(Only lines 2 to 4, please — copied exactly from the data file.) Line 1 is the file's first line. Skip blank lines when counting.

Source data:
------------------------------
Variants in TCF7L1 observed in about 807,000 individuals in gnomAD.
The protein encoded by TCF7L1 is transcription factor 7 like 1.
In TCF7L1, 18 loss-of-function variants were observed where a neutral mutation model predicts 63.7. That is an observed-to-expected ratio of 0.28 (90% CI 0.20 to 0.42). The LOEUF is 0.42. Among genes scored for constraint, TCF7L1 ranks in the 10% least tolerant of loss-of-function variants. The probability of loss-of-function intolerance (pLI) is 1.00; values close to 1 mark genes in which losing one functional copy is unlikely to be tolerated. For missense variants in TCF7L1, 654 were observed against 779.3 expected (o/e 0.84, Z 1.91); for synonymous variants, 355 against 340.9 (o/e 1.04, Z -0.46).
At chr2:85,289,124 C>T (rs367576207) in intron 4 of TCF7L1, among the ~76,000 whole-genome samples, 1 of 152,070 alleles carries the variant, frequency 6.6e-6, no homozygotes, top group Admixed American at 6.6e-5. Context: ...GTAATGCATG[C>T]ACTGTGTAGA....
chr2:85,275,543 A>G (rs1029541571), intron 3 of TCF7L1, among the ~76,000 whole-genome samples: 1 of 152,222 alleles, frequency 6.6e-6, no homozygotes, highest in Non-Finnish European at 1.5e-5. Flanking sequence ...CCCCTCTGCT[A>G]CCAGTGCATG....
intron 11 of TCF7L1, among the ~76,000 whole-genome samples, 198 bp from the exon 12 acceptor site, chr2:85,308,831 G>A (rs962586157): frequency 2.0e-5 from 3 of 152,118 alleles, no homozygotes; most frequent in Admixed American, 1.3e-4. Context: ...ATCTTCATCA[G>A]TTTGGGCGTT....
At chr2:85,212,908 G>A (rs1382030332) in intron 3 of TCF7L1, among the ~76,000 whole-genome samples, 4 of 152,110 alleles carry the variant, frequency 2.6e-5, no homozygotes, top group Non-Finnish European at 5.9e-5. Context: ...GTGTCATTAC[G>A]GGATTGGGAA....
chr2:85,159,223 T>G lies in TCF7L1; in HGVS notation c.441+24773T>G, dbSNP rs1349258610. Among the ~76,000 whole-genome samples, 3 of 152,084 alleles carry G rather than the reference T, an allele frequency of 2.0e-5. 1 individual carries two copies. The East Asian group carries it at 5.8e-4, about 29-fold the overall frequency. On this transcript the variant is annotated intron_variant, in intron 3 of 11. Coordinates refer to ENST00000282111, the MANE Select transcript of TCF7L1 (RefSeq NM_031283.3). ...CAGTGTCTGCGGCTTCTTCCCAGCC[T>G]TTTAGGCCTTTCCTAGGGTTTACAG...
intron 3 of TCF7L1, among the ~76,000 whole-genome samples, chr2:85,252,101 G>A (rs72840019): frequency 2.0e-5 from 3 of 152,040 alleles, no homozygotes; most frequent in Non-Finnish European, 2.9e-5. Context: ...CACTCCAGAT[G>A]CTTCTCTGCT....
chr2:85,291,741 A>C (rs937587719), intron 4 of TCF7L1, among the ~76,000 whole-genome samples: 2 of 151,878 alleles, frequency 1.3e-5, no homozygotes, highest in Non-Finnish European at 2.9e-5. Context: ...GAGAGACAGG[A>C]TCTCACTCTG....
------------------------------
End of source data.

The protein encoded by TCF7L1 is transcription factor 7 like 1.
In TCF7L1, 18 loss-of-function variants were observed where a neutral mutation model predicts 63.7. That is an observed-to-expected ratio of 0.28 (90% CI 0.20 to 0.42). The LOEUF is 0.42. Among genes scored for constraint, TCF7L1 ranks in the 10% least tolerant of loss-of-function variants. The probability of loss-of-function intolerance (pLI) is 1.00; values close to 1 mark genes in which losing one functional copy is unlikely to be tolerated. For missense variants in TCF7L1, 654 were observed against 779.3 expected (o/e 0.84, Z 1.91); for synonymous variants, 355 against 340.9 (o/e 1.04, Z -0.46).
At chr2:85,289,124 C>T (rs367576207) in intron 4 of TCF7L1, among the ~76,000 whole-genome samples, 1 of 152,070 alleles carries the variant, frequency 6.6e-6, no homozygotes, top group Admixed American at 6.6e-5. Context: ...GTAATGCATG[C>T]ACTGTGTAGA....